Binoculars Field Of View Explained (With Linear & Angular FoV Converters)
In a nutshell the field of view (FoV) is what you can see through the lens from edge to edge. So that’s everything you can see through the lens from left to right and everywhere in between. But as with most things, there’s more to it than that. There’s the eyepiece, position of the lenses, how thick they are, the way they’re assembled and the magnification, all contribute to how the FoV comes together. So let’s get into the FoV of binoculars.
Table of Contents
How Is The Field Of View Measured?
The field of view is stated by the manufacturers in a couple of ways. Binoculars, spotting scopes and rangefinders measure the FoV in metres per 1,000 metres, but rifle scopes are measured in feet per 100 yards. Binocular manufacturers either use metres per 1,000 metres or as a degree.
Linear Field Of View
When manufacturers quote the linear FoV they are referring to metres per 1,000 metres, like 131 metres per 1,000 metres – it means that at 1,000 metres distance you can see 131 metres from side to side.
Angular Field Of View
If you see angular FoV on the description followed by something like 6° that means you can see 6 degrees width through the lenses. The higher the angle quoted depicts a wider field of view. To convert the degrees into metres per 1,000 metres just multiply the number of degrees by 17.5. This is because 1° is equal to roughly 17.5 metres. So to convert 8° into metres per 1,000 metres just multiply by that amount to calculate the linear FoV.
So 8° angular is equal to 140 metres per 1,000 metres linear.
Binocular FoV Calculators
Angular To Linear FoV Converter
Enter the angular field of view into the box below to work out the linear field of view
Linear To Angular FoV Converter
Enter the linear field of view into the box below to work out the angular field of view
Field Of View, Eye Relief And Magnification
Pretty much every feature to do with optics are linked to other features in some way. It sounds pretty complicated but once you get your head around it, it all becomes clear.
What Has Eye Relief Got To Do With FoV?
It’s all about your positioning really, if you are too close to, or too far away from the eyepiece, your FoV will be affected. You might see the FoV slightly shaded or shadowed, or “clipped” this is called vignetting. So to get a clear image and to see the full FoV, you need to have the correct eye relief.
What Is Eye Relief?
Put simply, eye relief is the correct distance between your eyes and the eyepiece. Having the correct eye relief will allow you to see the whole image and the full FoV. It is always given by the binocular manufacturer and the best eye relief is somewhere between 14 to 18mm.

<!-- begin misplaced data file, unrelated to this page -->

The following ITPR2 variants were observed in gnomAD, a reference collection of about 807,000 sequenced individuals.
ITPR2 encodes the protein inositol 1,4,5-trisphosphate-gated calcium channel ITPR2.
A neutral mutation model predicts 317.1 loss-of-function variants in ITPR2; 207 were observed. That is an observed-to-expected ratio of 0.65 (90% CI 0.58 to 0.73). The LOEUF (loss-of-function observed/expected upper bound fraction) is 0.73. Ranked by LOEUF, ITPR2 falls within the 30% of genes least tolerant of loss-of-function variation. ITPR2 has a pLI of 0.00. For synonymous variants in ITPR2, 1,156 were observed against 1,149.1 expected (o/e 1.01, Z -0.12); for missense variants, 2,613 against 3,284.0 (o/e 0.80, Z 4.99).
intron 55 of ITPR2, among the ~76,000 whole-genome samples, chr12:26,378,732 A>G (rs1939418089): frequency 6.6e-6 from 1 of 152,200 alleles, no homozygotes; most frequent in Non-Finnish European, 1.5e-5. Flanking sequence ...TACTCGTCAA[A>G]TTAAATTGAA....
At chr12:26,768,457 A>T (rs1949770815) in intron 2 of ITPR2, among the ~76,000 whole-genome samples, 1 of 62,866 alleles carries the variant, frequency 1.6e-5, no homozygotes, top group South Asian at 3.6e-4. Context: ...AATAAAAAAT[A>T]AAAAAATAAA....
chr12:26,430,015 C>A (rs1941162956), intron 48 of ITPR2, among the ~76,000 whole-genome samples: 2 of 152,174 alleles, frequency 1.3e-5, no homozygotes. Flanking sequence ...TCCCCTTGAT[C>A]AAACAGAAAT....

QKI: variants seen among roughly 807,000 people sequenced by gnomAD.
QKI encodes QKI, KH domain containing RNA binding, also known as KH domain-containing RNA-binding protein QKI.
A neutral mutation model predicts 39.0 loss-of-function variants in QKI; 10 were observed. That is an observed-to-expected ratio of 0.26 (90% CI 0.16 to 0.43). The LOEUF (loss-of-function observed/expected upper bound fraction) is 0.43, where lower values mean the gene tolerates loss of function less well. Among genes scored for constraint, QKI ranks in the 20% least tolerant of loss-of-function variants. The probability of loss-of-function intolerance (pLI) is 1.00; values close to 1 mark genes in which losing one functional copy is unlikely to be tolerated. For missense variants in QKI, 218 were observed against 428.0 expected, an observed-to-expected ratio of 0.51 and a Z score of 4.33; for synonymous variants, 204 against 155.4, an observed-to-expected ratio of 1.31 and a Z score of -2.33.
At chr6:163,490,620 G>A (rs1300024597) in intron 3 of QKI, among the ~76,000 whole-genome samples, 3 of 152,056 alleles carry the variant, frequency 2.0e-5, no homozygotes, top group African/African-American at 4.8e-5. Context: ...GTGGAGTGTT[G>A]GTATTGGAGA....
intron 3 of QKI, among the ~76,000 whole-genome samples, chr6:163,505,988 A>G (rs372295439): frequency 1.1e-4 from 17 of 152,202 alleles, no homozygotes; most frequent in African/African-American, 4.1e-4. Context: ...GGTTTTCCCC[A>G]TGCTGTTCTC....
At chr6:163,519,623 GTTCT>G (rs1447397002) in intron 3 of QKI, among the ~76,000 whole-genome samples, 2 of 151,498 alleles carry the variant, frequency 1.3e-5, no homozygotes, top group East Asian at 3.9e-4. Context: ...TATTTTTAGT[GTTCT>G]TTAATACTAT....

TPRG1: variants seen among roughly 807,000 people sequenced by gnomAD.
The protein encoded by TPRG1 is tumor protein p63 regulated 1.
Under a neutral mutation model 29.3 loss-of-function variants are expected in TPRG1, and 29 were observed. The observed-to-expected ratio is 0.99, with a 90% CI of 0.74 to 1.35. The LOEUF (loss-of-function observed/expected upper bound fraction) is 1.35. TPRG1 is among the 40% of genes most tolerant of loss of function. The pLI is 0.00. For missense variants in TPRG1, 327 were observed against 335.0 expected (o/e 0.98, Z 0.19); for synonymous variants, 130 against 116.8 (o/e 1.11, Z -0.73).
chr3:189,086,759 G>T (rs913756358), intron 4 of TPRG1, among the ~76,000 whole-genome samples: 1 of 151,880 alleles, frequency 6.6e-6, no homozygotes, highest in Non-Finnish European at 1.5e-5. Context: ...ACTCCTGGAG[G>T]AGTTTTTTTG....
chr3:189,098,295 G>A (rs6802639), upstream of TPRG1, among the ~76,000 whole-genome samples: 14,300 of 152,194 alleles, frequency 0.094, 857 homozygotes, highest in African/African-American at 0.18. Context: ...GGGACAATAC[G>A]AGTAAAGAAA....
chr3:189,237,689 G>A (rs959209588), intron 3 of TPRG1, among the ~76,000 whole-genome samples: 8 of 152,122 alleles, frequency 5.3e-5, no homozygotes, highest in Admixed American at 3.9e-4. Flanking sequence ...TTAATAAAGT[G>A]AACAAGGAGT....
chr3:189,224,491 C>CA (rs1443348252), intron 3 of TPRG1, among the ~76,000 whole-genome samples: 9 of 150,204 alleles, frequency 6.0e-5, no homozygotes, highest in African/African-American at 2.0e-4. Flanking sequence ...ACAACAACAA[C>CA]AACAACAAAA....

What’s Magnification Got To Do With The Field Of View?
There is a direct relationship between the FoV and the level of magnification. It works like this, the higher the magnification, the lower the FoV. It’s fairly obvious when you think about it, as you close in on the object, you lose a great deal of the surrounding features.
As Magnification Increases – The Field Of View Decreases
That’s it, in a nutshell as we said at the beginning, no fancy technical terms to cloud your mind. Just simple straight to the point explanations.
A Summary Of The Field Of View Of Binoculars
- The field of view (FoV) is the image you can see through the lenses of binoculars from one side to the other.
- The FoV is measured either as an angle (angular FoV) or as metres per 1,000 metres (Linear FoV).
- To convert the degrees to metres per 1,000 metres multiply by 17.5 because 1° is equal to 17.5 metres.
- Eye relief is the perfect position of the eye to the eyepiece. If you don’t have the correct eye relief your FoV will be affected.
- The magnification of your binoculars affects the FoV. The closer you zoom into an object the less of the FoV you can see.
- As magnification increases – the field of view decreases
Frequently Asked Questions
A good field of view is anywhere between 91 to 115 metres per 1,000 metres for binoculars.
FoV at 1,000 yards is the linear measurement of the Field of View, it is usually expressed as either feet per 1,000 yards or as the angular measurement in degrees. So 315 feet at 1,000 yards means that you can see a field of view of 315 feet wide at a distance of 1,000 yards.
The magnification affects the FoV, as the magnification increases, the FoV decreases.
The opposite is true, the field of view decreases as magnification increases.